Schlee likes to do his rounds in the shops and all the staff and managers get nervous and who-haa around him and his delegate, because the big boss is around. I asked myself often how much Schlee and the senior leadership enjoy staff ducking down like this, and kissing butt. I always cringed when the big bosses were around and the managers were suddenly super nice. I usually went the other way not wanting to be part in this hypocritical game. I preferred to stay with my team with whom I worked shoulder to shoulder from early morning on. What do I want with the big bosses who make their millions on our backs, walking around like celebrities! Give me a break!
Before and after the big bosses and “Buddies” were around the usual tone was this:
“The training should be more about encouraging people than shouting and shaming them. … it has been the most stressful job I have had in a couple of years.” (Staff Review)
My own story is spread throughout this website and will turn into a chronological book as it is quite complex and has involved the heart of Pret, HQ, HR, the CEO, and most disgracefully, a Development Manager who was used to manipulate and gaslight me. She was used because she supposedly had a brother who died alone in his flat and was not discovered until days later, just like my brother was. But this complex story is in several other blog posts.
But I want to share again about my former colleagues and how much they struggle and suffer under immense pressure, underpaid, “motivated” under fear management, openly or subtly threatened with their job security etc. I’ve been through it all and more, and have seen this countless times. Sure, the pay is a little more and some other perks are thrown in than in competitive companies, but that is because the work in Pret is hellish! And Pret cannot afford to pay minimum wage as staff would not stay long.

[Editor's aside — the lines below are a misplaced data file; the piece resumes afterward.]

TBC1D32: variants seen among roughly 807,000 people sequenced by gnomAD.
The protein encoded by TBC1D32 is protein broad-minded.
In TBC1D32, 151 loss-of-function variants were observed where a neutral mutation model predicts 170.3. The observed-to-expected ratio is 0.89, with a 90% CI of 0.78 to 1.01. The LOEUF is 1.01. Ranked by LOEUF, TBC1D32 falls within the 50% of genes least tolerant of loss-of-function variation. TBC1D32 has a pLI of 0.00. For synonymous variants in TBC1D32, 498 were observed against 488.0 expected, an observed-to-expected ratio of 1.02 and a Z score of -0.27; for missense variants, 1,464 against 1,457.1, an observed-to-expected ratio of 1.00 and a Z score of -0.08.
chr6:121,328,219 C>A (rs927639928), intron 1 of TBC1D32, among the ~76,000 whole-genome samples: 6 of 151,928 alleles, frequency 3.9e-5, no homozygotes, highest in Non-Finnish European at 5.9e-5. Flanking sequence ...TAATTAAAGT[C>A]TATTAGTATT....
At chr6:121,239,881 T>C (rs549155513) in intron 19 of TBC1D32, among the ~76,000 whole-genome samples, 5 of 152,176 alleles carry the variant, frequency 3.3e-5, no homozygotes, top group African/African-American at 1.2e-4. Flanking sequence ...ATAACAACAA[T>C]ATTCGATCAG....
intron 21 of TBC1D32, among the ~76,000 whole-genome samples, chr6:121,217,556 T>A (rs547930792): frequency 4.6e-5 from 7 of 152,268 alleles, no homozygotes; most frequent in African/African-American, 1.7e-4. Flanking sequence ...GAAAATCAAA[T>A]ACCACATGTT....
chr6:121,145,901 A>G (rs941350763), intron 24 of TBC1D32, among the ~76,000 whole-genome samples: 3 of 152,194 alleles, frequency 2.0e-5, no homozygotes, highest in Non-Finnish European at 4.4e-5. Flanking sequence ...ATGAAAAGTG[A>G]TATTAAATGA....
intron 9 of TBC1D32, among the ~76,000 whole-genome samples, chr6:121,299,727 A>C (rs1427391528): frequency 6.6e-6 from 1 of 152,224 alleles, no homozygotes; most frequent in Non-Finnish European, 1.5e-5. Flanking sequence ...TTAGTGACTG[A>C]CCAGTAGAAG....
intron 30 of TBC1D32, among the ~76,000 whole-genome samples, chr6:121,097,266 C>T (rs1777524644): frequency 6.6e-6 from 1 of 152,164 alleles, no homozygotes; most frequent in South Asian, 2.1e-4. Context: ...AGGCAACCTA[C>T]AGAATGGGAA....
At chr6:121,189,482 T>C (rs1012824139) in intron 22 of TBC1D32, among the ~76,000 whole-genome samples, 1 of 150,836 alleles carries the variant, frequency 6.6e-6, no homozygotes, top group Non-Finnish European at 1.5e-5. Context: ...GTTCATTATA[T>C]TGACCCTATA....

Some customers are quick to tweet, quick to come to conclusion, quick to judge, but have no clue how hellish it is behind the scenes, especially before opening time while the teams get the shops ready in a very short amount of time and little manpower. And not to mention the coffee and lunch rushes that are visible, and all the pressures in-between that the customers don’t see. They work like for 2 or 3 people as Pret loves to cut staff to increase profits. The pressure is on managers to make sure the targets are reached, so they can get their huge bonuses and slaps on the back in huge managers’ meetings.
CEO, Clive Schlee’s special technique for these managers’ meetings, from 0:39 on, is to recognize a few out of hundreds of managers by making sure they are aware he knows them, a clever strategy to keep his managers in check, so they always feel watched, not only from the hidden camera in the offices. They are all nervous to see if they will be picked!